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United States Department of Agriculture

Agricultural Research Service

Research Project: IMPROVED KNOWLEDGE AND MODELING OF WATER FLOW AND CHEMICAL TRANSPORT PROCESSES IN IRRIGATED SOILS Title: Comparison of Measured and Simulated Water Storage in Dryland Terraces of the Loess Plateau, China

Authors
item Lu, Haishen - HOHAI UNIVERSITY
item Zhu, Yonghua - HOHAI UNIVERSITY
item Skaggs, Todd
item Yu, Zhongbo - HOHAI UNIVERSITY

Submitted to: Agricultural Water Management
Publication Type: Peer Reviewed Journal
Publication Acceptance Date: August 31, 2008
Publication Date: October 9, 2008
Repository URL: http://www.ars.usda.gov/SP2UserFiles/Place/53102000/pdf_pubs/P2233.pdf
Citation: Lu, H., Zhu, Y., Skaggs, T.H., Yu, Z. 2008. Comparison of Measured and Simulated Water Storage in Dryland Terraces of the Loess Plateau, China. Agricultural Water Management. 96(2):299-306.

Interpretive Summary: In the mountainous regions of China, developing sustainable agriculture requires implementing conservation management practices that prevent soil erosion and conserve soil and water resources. In the semiarid northwest Loess Plateau, the primary conservation management practice is terracing, which involves the conversion of sloping land into a sequence of “stepped” level surfaces. Terracing increases rainfall infiltration and reduces erosion. Guidelines for terrace construction typically take into consideration landscape parameters such as the slope the land and the depth of the soil. In dryland agricultural areas, capturing and retaining water in soil is critically important, and conceivably terrace guidelines for these areas could additionally include consideration of the effects of terrace design on water storage. Computer simulation of soil water dynamics is potentially an efficient means of investigating terrace design and moisture retention, but little information is available on the accuracy of such simulations. In this work, we compared simulated terrace water distributions with those measured in the field and found that the simulations were satisfactorily accurate. As part of the simulation analysis, we quantified potential evaporative water losses and made some suggestions for future terrace design. This research will assist those working to improve and implement conservation management practices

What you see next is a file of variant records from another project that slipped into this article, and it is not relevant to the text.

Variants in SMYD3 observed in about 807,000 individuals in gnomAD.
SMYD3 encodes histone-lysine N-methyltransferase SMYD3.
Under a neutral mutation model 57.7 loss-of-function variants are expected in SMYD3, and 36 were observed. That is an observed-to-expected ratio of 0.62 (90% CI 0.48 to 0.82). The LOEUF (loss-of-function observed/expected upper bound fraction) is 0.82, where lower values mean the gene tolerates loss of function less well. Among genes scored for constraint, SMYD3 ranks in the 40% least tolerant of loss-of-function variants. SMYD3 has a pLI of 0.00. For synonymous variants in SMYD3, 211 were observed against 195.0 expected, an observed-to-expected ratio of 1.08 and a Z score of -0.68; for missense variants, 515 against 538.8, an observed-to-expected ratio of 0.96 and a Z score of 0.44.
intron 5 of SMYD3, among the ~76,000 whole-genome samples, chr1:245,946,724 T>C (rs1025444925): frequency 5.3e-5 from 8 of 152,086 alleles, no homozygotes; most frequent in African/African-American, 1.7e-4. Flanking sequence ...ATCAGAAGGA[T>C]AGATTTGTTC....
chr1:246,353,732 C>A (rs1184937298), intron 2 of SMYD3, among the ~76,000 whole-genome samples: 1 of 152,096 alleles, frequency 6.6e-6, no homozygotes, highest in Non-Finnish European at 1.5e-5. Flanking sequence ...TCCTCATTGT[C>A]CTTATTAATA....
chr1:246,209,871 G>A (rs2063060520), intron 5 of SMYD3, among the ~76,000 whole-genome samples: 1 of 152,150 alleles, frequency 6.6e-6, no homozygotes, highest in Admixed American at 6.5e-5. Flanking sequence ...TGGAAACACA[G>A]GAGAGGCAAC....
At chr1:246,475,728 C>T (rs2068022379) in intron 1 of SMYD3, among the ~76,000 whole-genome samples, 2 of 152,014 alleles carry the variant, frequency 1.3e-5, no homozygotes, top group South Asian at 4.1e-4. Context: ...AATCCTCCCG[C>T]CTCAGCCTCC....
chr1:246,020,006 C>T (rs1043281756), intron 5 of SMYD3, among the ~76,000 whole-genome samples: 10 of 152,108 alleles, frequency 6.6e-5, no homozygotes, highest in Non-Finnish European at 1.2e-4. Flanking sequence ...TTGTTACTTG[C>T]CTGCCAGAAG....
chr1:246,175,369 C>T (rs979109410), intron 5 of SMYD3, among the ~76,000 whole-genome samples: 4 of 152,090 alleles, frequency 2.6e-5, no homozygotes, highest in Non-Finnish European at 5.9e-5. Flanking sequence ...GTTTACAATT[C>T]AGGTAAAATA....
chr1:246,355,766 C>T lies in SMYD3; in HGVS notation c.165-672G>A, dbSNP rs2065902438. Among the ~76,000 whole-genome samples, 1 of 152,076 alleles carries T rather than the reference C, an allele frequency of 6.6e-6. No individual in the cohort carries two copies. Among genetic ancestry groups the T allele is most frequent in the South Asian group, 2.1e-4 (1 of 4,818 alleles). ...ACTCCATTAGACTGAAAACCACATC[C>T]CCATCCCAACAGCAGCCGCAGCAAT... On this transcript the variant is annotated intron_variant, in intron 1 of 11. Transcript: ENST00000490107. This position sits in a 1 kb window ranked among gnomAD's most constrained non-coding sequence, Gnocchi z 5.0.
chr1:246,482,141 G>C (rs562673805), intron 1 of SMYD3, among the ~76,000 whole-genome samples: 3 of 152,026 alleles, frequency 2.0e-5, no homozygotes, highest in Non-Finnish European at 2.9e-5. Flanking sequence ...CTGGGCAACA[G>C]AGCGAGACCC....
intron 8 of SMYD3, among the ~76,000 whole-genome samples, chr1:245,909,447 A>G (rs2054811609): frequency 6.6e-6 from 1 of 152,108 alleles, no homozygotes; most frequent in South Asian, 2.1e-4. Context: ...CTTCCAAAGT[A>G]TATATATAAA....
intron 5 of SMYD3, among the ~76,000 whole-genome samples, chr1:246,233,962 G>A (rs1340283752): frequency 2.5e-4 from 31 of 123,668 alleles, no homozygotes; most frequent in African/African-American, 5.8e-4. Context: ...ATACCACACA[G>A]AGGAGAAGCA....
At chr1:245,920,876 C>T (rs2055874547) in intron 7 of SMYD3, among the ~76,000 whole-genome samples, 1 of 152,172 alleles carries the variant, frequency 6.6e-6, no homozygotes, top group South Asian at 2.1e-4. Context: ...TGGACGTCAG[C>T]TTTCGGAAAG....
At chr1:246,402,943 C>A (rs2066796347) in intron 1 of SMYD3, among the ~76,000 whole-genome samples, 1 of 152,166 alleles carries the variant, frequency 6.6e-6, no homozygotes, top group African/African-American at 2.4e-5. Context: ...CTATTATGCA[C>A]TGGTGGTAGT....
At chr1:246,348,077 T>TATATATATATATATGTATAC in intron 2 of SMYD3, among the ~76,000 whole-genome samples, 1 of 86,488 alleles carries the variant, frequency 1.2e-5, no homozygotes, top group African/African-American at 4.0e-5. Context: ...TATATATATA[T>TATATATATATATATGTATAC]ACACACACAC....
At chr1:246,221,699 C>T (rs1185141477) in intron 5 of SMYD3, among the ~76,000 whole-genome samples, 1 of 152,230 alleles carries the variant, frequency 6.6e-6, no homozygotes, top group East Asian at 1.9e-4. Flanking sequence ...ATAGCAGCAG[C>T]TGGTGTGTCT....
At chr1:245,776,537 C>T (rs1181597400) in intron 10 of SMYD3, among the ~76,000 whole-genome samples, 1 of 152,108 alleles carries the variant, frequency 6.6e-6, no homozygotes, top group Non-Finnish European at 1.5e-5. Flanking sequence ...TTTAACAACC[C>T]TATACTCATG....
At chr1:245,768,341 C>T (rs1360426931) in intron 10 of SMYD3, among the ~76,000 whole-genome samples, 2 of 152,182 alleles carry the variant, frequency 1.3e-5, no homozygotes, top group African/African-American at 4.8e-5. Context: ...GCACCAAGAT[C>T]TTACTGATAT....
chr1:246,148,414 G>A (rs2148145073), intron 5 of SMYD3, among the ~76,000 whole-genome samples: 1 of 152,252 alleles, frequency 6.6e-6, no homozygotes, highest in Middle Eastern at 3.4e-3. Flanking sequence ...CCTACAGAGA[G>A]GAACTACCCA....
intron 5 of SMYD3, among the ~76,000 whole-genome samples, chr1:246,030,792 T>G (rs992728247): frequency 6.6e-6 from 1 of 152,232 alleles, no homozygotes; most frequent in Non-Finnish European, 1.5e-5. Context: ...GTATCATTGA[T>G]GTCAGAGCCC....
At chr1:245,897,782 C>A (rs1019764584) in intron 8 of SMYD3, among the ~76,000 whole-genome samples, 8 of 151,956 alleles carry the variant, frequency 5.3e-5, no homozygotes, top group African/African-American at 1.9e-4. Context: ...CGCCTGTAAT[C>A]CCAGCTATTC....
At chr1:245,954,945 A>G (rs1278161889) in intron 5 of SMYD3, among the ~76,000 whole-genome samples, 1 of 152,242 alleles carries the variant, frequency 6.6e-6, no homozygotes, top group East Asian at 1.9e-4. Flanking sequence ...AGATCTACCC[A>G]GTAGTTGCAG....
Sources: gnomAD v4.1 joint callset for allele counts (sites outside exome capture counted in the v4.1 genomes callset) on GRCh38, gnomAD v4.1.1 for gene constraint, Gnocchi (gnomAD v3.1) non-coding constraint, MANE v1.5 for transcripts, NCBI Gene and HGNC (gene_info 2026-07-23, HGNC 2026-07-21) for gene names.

Technical Abstract: In the mountainous regions of China, developing sustainable agriculture requires implementing conservation management practices that prevent soil erosion and conserve soil and water resources. In the semiarid northwest Loess Plateau, the primary conservation management practice is terracing, which increases rainfall infiltration and reduces erosion. Guidelines for terrace construction typically take into consideration landscape parameters such as the slope the land and the depth of the soil. In dryland agricultural areas, capturing and retaining water in soil is critically important, and conceivably terrace guidelines for these areas could additionally include consideration of the effects of terrace design on water storage. Numerical simulation of soil water dynamics is potentially an efficient means of investigating terrace design and moisture retention, but little information is available on the accuracy of such simulations. In this work, we evaluated the accuracy of HYDRUS-2D simulations of water infiltration and redistribution in fallow, level, dryland terraces located in the Loess Plateau. The simulated soil water content distributions were found to be in good agreement with experimental data. Modeling analyses showed that about one-third of the evaporative water losses from the terrace occurred from the riser (side-slope) surface. To prevent such losses, it is advisable to mulch the riser, and perhaps design the terrace so as to minimize the riser surface area. Wide terraces store more water than narrow ones, and with other design considerations being equal, wide beds and minimal riser surface areas will likely enhance water capture and retention. More general analyses of terrace moisture dynamics will require implementing the root growth and water uptake modules contained in HYDRUS-2D, as well as coupling HYDRUS-2D with an overland flow model to account for ponding and runoff.

Last Modified: 9/21/2014
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